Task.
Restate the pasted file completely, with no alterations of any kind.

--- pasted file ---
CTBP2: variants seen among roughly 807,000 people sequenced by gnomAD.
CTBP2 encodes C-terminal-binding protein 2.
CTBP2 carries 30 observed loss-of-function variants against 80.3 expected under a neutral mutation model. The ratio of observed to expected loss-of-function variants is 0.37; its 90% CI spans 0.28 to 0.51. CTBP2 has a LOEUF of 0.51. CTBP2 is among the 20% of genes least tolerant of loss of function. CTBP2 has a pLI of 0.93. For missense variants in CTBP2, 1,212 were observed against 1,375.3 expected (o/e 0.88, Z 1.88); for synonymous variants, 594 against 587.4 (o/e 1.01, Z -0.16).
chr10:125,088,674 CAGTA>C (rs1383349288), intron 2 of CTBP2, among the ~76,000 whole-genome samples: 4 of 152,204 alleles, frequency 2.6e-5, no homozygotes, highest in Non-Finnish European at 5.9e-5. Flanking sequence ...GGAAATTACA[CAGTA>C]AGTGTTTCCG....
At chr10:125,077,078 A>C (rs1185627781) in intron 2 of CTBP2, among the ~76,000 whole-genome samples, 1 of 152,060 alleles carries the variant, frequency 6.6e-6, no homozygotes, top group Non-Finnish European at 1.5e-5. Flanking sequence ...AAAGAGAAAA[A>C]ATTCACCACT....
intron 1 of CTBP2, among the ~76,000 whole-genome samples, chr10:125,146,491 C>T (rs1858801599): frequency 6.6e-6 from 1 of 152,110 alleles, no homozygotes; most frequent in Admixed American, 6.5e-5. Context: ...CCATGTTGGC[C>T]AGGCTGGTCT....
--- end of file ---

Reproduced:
CTBP2: variants seen among roughly 807,000 people sequenced by gnomAD.
CTBP2 encodes C-terminal-binding protein 2.
CTBP2 carries 30 observed loss-of-function variants against 80.3 expected under a neutral mutation model. The ratio of observed to expected loss-of-function variants is 0.37; its 90% CI spans 0.28 to 0.51. CTBP2 has a LOEUF of 0.51. CTBP2 is among the 20% of genes least tolerant of loss of function. CTBP2 has a pLI of 0.93. For missense variants in CTBP2, 1,212 were observed against 1,375.3 expected (o/e 0.88, Z 1.88); for synonymous variants, 594 against 587.4 (o/e 1.01, Z -0.16).
chr10:125,088,674 CAGTA>C (rs1383349288), intron 2 of CTBP2, among the ~76,000 whole-genome samples: 4 of 152,204 alleles, frequency 2.6e-5, no homozygotes, highest in Non-Finnish European at 5.9e-5. Flanking sequence ...GGAAATTACA[CAGTA>C]AGTGTTTCCG....
At chr10:125,077,078 A>C (rs1185627781) in intron 2 of CTBP2, among the ~76,000 whole-genome samples, 1 of 152,060 alleles carries the variant, frequency 6.6e-6, no homozygotes, top group Non-Finnish European at 1.5e-5. Flanking sequence ...AAAGAGAAAA[A>C]ATTCACCACT....
intron 1 of CTBP2, among the ~76,000 whole-genome samples, chr10:125,146,491 C>T (rs1858801599): frequency 6.6e-6 from 1 of 152,110 alleles, no homozygotes; most frequent in Admixed American, 6.5e-5. Context: ...CCATGTTGGC[C>T]AGGCTGGTCT....